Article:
The DAV Veterans Pulse Survey
While veterans of all generations have a very positive view of their military service, only one-in-five feel the government treats veterans well and less than half believe they receive the benefits and support they were promised. These are some of the major findings of a landmark survey by DAV.
The DAV Veterans Pulse Survey, nationally representative of America’s 22 million veterans, is the largest, most comprehensive assessment ever taken to reveal how generations of veterans from WWII through post-9/11 view their military experience, benefits and overall quality of life.
The survey also explores meaningful differences between the attitudes and experiences of post-9/11 veterans and those who served in earlier eras as well as between men and women.
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“The survey shows veterans of every generation are proud of their military service and believe it had a positive impact on their life, even though many paid a price,” said Marc Burgess, DAV CEO and National Adjutant. “Yet the results also point to major gaps in the support, health care and disability benefits they receive. It also reveals challenges many younger veterans face finding employment. It’s clear our government and country need to step up and keep the promises made to America’s veterans.”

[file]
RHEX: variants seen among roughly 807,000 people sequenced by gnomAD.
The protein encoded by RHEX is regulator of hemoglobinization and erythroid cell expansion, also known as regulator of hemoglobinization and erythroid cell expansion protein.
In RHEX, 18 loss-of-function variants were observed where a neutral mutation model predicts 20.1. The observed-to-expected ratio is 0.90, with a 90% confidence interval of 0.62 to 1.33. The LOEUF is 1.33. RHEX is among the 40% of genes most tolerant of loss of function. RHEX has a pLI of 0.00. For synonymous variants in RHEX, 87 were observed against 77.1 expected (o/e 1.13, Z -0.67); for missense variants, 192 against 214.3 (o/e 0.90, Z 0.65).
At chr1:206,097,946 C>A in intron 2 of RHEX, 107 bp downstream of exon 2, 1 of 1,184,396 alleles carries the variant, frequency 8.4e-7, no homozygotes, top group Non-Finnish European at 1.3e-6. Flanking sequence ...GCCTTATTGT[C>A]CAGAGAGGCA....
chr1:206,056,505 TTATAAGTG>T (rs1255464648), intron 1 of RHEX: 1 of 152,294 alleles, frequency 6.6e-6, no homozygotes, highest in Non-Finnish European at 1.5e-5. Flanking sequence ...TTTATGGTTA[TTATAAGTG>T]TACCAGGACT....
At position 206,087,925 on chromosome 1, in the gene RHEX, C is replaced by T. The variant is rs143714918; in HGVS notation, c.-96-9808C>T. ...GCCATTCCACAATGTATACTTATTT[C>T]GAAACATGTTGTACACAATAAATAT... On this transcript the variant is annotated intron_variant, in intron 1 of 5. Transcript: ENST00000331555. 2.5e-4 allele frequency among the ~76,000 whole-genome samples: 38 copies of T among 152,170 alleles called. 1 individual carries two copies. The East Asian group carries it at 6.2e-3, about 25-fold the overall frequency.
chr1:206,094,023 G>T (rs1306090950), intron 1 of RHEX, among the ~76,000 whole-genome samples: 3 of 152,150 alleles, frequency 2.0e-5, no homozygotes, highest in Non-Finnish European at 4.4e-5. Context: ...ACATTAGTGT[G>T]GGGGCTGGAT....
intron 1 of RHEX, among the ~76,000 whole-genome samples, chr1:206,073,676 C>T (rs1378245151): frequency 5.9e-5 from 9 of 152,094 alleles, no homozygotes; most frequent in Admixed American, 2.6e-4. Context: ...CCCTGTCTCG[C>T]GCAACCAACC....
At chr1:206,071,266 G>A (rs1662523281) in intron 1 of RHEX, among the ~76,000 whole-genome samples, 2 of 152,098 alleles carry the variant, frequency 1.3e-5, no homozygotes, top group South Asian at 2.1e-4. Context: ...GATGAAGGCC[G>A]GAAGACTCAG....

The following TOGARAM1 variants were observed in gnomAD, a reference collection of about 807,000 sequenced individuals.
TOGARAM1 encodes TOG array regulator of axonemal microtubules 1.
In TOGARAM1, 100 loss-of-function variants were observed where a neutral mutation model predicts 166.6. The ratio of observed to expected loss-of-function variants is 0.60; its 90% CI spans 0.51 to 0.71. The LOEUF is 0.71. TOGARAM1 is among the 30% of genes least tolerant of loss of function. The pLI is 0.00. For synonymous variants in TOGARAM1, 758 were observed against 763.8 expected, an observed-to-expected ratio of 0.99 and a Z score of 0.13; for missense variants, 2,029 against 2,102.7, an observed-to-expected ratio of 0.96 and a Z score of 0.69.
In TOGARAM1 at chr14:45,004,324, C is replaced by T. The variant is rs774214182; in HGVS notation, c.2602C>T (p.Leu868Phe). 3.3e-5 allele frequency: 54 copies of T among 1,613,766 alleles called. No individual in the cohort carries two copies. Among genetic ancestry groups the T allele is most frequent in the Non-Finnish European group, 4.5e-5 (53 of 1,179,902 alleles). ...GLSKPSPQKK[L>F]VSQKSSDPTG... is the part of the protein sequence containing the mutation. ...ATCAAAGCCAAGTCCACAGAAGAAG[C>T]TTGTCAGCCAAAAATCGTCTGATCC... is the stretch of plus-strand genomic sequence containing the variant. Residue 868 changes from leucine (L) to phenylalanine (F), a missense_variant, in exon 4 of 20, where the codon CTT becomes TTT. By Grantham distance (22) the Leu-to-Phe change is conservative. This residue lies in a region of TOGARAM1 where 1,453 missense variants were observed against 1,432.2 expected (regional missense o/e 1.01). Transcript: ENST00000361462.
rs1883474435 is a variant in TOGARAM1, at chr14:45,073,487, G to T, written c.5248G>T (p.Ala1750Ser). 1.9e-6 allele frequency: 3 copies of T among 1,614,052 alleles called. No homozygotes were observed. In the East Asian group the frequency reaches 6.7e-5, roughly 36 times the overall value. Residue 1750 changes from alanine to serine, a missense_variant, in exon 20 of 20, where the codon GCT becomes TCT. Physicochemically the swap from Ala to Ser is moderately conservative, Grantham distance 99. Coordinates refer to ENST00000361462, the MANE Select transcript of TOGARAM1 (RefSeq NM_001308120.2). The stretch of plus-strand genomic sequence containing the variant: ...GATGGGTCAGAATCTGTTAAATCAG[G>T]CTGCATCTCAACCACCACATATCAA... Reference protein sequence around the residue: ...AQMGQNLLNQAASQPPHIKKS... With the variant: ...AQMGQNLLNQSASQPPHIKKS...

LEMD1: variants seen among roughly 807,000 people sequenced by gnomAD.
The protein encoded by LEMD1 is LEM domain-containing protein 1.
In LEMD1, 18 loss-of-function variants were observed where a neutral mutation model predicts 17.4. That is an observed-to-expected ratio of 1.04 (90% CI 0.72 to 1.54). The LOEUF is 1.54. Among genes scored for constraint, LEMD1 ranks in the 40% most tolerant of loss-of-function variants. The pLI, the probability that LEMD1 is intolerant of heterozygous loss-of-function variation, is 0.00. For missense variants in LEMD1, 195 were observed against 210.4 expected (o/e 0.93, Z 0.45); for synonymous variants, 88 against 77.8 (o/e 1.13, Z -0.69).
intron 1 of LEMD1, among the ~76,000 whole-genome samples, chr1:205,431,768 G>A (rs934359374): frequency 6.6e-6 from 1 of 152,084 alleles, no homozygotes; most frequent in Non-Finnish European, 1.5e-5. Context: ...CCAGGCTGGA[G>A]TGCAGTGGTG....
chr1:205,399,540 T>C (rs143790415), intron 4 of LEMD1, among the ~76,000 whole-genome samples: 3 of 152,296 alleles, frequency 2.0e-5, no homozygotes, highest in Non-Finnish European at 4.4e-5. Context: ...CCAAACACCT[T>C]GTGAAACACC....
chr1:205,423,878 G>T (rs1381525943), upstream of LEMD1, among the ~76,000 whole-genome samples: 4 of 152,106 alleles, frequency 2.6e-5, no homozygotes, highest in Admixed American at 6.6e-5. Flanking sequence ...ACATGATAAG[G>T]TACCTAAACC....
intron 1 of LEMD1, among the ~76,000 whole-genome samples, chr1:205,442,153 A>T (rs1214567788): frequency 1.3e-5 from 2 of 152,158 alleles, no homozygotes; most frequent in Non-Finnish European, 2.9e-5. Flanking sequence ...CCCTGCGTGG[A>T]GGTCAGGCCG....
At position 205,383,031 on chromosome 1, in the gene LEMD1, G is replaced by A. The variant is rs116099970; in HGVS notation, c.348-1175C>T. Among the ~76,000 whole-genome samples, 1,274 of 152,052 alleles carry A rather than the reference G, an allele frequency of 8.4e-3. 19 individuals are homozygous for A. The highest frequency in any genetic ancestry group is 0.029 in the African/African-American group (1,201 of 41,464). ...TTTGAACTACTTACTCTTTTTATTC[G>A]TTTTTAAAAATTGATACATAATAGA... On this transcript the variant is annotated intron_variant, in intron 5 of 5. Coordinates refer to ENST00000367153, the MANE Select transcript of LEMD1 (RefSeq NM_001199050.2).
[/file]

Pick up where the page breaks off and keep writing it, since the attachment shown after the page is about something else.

View the report
The survey paints an illuminating picture of how veterans feel about their past experiences in the military, what it was like to transition to civilian life, and their feelings about how the government and the American public treat veterans.
Highlights from the study
Almost 8 out of 10 veterans say they would repeat their military service, but only half would encourage their sons and one-third would encourage their daughters to serve.
While 84% of post-9/11 veterans feel military service had an overall positive impact on their lives, 37% feel that their service had a negative effect on their physical health.
44% of veterans agree they have received the benefits they were promised. Less than 1 in 5 believe that disabled veterans have received their benefits.
Just 38% of veterans say that when they left the military and re-entered civilian life, they felt they had the support they needed. Employment, finances and housing are some of the biggest challenges veterans face when they leave the military.
87% of veterans believe that the federal government should provide a health system dedicated to the needs of ill, injured and wounded veterans. 5O% of veterans do not feel the government is providing quality, accessible health care to veterans.
More than half of women veterans feel they do not get the same respect as their male counterparts, while only 34% of male veterans think women do not receive the same respect as men do.
Conducted for DAV by global research firm GfK utilizing KnowledgePanel®, the largest online panel representative of the United States. The DAV Veterans Pulse Survey was completed by 1,701 veterans. It is a national probability sample representative of the entire population of veterans in the United States.